More than 60 people associated with the Muslim Brotherhood [BBC backgrounder; JURIST news archive] have been detained by Egyptian security forces on charges of political violence, officials said Wednesday. The arrests occurred as Egyptian Prime Minister Hazem el-Beblawi [BBC profile] on Tuesday reversed his position [Al Jazeera report] on the Islamist group by announcing that the government should not ban or exclude it from the political process. The group also made an announcement Tuesday regarding its plans for new demonstrations [AP report] against the military's security crackdown.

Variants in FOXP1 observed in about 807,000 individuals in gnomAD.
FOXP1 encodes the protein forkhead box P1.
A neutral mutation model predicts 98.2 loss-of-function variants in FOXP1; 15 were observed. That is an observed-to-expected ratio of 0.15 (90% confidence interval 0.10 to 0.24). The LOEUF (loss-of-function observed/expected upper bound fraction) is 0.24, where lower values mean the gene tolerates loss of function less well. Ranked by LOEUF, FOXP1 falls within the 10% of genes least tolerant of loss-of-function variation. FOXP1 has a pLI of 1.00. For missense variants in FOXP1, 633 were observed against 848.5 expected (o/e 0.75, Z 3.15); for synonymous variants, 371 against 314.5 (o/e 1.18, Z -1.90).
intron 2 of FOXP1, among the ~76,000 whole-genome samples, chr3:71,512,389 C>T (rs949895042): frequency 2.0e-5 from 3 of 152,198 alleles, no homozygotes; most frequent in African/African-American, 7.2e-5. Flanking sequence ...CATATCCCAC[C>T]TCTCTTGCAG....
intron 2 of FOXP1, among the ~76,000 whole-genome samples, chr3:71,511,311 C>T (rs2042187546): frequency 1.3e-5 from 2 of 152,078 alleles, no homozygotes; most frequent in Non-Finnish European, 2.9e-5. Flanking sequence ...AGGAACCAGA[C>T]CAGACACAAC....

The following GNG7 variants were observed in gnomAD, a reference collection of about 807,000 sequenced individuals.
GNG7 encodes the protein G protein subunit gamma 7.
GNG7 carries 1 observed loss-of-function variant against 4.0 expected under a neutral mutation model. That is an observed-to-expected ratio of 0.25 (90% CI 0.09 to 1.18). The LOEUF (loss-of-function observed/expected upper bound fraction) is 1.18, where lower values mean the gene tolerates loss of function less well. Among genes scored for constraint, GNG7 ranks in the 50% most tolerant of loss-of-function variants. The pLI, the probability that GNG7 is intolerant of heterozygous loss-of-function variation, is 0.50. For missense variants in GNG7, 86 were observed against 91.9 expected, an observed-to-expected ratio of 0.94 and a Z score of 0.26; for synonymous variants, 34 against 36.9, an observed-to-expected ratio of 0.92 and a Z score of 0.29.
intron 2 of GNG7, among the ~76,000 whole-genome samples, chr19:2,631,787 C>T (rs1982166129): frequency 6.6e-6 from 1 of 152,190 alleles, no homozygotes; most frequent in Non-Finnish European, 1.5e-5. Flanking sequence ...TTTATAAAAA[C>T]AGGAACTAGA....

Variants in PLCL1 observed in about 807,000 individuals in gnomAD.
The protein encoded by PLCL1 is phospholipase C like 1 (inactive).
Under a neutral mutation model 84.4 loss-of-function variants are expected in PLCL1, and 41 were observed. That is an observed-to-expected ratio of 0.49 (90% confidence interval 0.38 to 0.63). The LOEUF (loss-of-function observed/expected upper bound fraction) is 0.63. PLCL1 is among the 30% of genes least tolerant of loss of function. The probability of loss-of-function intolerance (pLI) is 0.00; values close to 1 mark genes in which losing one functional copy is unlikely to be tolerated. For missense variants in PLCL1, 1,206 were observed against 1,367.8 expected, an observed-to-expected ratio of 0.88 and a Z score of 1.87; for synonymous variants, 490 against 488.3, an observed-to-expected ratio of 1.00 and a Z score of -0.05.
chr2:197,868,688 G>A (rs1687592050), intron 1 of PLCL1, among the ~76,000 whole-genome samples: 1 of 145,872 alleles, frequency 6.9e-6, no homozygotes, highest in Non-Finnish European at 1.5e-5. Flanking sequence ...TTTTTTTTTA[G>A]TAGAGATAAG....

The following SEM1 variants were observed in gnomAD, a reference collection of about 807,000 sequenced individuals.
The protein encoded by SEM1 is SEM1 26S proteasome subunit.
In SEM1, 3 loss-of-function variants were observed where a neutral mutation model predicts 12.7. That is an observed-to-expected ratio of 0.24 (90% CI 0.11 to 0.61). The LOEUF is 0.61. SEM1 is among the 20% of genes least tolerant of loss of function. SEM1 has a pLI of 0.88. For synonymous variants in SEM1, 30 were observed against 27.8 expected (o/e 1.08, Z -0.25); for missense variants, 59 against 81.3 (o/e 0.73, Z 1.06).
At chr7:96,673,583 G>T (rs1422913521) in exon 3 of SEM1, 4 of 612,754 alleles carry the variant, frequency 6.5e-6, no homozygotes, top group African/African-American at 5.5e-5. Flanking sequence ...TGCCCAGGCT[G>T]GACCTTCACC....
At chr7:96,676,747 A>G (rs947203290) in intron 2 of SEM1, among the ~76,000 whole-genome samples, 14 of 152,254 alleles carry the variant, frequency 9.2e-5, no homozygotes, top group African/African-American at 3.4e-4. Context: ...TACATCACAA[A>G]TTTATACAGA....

A Cairo court on Sunday adjourned the trial of three Muslim Brotherhood leaders, Mohammed Badie, Khairat al-Shater and Rashad Bayoumy, after the three failed to appear in court, citing security concerns. The judge postponed [Reuters report] the trial to October 29. Badie was arrested [JURIST news report] last week. The charges against the three include incitement to violence in connection with a protest which killed 9 people and wounded over 90 near the group's headquarters on June 30. Although Egypt has faced political unrest since the Egyptian Revolution [JURIST backgrounder] began over two years ago, the conflict peaked in July after the Egyptian military deposed [JURIST report] former president Mohamed Morsi [official BBC profile; JURIST news archive] in addition to suspending the nation's constitution and installing an interim government.